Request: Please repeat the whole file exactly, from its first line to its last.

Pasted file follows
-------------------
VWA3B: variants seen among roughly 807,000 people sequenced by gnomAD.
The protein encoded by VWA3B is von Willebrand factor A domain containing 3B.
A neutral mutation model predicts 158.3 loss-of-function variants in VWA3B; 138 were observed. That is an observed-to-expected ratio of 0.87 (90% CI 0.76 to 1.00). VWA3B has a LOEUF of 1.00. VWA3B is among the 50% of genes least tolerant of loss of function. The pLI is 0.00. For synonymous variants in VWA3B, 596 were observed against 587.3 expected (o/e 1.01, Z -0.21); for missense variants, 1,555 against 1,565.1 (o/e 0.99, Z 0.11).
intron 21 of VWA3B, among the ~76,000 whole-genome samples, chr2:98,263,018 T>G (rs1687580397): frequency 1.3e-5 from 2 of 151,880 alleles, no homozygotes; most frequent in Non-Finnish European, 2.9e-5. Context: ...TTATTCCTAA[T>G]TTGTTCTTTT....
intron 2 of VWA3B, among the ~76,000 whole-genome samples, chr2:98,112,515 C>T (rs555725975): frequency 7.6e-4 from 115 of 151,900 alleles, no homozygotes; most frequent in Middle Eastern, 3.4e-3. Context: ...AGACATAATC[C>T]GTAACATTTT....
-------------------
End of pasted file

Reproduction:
VWA3B: variants seen among roughly 807,000 people sequenced by gnomAD.
The protein encoded by VWA3B is von Willebrand factor A domain containing 3B.
A neutral mutation model predicts 158.3 loss-of-function variants in VWA3B; 138 were observed. That is an observed-to-expected ratio of 0.87 (90% CI 0.76 to 1.00). VWA3B has a LOEUF of 1.00. VWA3B is among the 50% of genes least tolerant of loss of function. The pLI is 0.00. For synonymous variants in VWA3B, 596 were observed against 587.3 expected (o/e 1.01, Z -0.21); for missense variants, 1,555 against 1,565.1 (o/e 0.99, Z 0.11).
intron 21 of VWA3B, among the ~76,000 whole-genome samples, chr2:98,263,018 T>G (rs1687580397): frequency 1.3e-5 from 2 of 151,880 alleles, no homozygotes; most frequent in Non-Finnish European, 2.9e-5. Context: ...TTATTCCTAA[T>G]TTGTTCTTTT....
intron 2 of VWA3B, among the ~76,000 whole-genome samples, chr2:98,112,515 C>T (rs555725975): frequency 7.6e-4 from 115 of 151,900 alleles, no homozygotes; most frequent in Middle Eastern, 3.4e-3. Context: ...AGACATAATC[C>T]GTAACATTTT....